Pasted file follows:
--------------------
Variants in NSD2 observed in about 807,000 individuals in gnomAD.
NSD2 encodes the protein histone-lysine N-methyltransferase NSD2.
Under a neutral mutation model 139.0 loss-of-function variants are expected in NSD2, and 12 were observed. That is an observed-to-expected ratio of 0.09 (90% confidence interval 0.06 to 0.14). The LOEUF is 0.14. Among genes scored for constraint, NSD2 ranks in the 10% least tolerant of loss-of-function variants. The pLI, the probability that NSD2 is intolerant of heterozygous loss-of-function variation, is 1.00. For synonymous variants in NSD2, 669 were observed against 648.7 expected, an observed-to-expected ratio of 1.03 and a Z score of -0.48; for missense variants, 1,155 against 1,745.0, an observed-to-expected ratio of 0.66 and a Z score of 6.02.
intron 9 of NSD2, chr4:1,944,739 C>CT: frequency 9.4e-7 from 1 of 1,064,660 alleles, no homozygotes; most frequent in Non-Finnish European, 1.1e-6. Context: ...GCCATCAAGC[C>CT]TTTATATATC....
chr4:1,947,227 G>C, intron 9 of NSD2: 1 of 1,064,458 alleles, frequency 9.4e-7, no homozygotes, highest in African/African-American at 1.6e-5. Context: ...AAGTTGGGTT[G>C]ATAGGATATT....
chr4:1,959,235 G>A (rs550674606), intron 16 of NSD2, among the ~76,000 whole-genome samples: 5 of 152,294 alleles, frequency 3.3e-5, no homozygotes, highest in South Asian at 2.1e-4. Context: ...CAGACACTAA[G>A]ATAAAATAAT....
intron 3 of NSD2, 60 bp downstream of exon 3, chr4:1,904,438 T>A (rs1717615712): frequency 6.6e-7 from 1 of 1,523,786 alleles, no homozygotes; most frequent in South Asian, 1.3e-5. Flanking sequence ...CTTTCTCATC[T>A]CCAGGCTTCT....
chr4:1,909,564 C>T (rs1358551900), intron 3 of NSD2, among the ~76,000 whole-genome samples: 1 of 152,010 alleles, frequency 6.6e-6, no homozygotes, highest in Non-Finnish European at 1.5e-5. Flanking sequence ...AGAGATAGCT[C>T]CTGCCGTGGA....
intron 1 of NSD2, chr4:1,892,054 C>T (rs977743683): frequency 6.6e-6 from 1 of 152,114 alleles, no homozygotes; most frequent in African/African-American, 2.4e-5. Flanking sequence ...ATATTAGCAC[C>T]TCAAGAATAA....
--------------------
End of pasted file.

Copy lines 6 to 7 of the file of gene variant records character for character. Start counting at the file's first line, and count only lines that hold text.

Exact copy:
chr4:1,959,235 G>A (rs550674606), intron 16 of NSD2, among the ~76,000 whole-genome samples: 5 of 152,294 alleles, frequency 3.3e-5, no homozygotes, highest in South Asian at 2.1e-4. Context: ...CAGACACTAA[G>A]ATAAAATAAT....
intron 3 of NSD2, 60 bp downstream of exon 3, chr4:1,904,438 T>A (rs1717615712): frequency 6.6e-7 from 1 of 1,523,786 alleles, no homozygotes; most frequent in South Asian, 1.3e-5. Flanking sequence ...CTTTCTCATC[T>A]CCAGGCTTCT....